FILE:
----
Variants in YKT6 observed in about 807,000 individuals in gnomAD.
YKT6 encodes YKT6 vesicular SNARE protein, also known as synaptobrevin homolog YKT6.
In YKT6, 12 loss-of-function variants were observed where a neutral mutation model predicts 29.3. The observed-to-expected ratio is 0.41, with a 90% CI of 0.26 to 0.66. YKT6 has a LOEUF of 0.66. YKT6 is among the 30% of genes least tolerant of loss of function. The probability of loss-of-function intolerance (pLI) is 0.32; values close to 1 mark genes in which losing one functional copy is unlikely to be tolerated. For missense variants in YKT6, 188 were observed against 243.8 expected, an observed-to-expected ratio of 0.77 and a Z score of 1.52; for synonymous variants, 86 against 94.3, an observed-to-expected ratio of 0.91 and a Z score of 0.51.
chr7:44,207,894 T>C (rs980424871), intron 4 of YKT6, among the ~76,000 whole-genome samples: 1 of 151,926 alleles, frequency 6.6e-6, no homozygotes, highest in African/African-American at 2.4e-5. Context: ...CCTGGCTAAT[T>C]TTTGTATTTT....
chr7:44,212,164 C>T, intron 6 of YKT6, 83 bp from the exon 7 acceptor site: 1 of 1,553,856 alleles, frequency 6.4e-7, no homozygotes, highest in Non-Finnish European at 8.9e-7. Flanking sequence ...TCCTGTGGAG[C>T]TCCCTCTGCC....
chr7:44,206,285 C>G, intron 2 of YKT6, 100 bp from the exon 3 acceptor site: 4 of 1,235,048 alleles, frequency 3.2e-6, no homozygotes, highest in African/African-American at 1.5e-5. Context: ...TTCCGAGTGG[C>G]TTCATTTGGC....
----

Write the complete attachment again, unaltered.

Variants in YKT6 observed in about 807,000 individuals in gnomAD.
YKT6 encodes YKT6 vesicular SNARE protein, also known as synaptobrevin homolog YKT6.
In YKT6, 12 loss-of-function variants were observed where a neutral mutation model predicts 29.3. The observed-to-expected ratio is 0.41, with a 90% CI of 0.26 to 0.66. YKT6 has a LOEUF of 0.66. YKT6 is among the 30% of genes least tolerant of loss of function. The probability of loss-of-function intolerance (pLI) is 0.32; values close to 1 mark genes in which losing one functional copy is unlikely to be tolerated. For missense variants in YKT6, 188 were observed against 243.8 expected, an observed-to-expected ratio of 0.77 and a Z score of 1.52; for synonymous variants, 86 against 94.3, an observed-to-expected ratio of 0.91 and a Z score of 0.51.
chr7:44,207,894 T>C (rs980424871), intron 4 of YKT6, among the ~76,000 whole-genome samples: 1 of 151,926 alleles, frequency 6.6e-6, no homozygotes, highest in African/African-American at 2.4e-5. Context: ...CCTGGCTAAT[T>C]TTTGTATTTT....
chr7:44,212,164 C>T, intron 6 of YKT6, 83 bp from the exon 7 acceptor site: 1 of 1,553,856 alleles, frequency 6.4e-7, no homozygotes, highest in Non-Finnish European at 8.9e-7. Flanking sequence ...TCCTGTGGAG[C>T]TCCCTCTGCC....
chr7:44,206,285 C>G, intron 2 of YKT6, 100 bp from the exon 3 acceptor site: 4 of 1,235,048 alleles, frequency 3.2e-6, no homozygotes, highest in African/African-American at 1.5e-5. Context: ...TTCCGAGTGG[C>G]TTCATTTGGC....